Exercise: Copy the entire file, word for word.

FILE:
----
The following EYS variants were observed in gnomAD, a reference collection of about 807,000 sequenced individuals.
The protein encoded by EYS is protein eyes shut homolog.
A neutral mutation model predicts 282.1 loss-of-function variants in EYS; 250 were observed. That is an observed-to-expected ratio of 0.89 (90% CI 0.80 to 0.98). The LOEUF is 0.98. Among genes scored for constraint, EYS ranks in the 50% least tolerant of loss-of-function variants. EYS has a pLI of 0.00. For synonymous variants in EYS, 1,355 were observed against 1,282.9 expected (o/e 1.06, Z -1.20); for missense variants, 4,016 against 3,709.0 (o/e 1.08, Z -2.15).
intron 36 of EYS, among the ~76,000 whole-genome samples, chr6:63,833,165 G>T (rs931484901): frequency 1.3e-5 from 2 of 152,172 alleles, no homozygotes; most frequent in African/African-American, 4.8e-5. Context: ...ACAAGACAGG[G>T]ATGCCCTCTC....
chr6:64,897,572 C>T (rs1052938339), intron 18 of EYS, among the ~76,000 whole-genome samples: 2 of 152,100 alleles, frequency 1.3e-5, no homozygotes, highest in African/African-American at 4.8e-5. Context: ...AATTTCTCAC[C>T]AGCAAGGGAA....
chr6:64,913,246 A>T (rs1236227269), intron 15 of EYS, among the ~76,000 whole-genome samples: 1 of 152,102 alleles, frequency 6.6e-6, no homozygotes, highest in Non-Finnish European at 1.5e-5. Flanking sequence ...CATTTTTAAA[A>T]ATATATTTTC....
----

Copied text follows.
The following EYS variants were observed in gnomAD, a reference collection of about 807,000 sequenced individuals.
The protein encoded by EYS is protein eyes shut homolog.
A neutral mutation model predicts 282.1 loss-of-function variants in EYS; 250 were observed. That is an observed-to-expected ratio of 0.89 (90% CI 0.80 to 0.98). The LOEUF is 0.98. Among genes scored for constraint, EYS ranks in the 50% least tolerant of loss-of-function variants. EYS has a pLI of 0.00. For synonymous variants in EYS, 1,355 were observed against 1,282.9 expected (o/e 1.06, Z -1.20); for missense variants, 4,016 against 3,709.0 (o/e 1.08, Z -2.15).
intron 36 of EYS, among the ~76,000 whole-genome samples, chr6:63,833,165 G>T (rs931484901): frequency 1.3e-5 from 2 of 152,172 alleles, no homozygotes; most frequent in African/African-American, 4.8e-5. Context: ...ACAAGACAGG[G>T]ATGCCCTCTC....
chr6:64,897,572 C>T (rs1052938339), intron 18 of EYS, among the ~76,000 whole-genome samples: 2 of 152,100 alleles, frequency 1.3e-5, no homozygotes, highest in African/African-American at 4.8e-5. Context: ...AATTTCTCAC[C>T]AGCAAGGGAA....
chr6:64,913,246 A>T (rs1236227269), intron 15 of EYS, among the ~76,000 whole-genome samples: 1 of 152,102 alleles, frequency 6.6e-6, no homozygotes, highest in Non-Finnish European at 1.5e-5. Flanking sequence ...CATTTTTAAA[A>T]ATATATTTTC....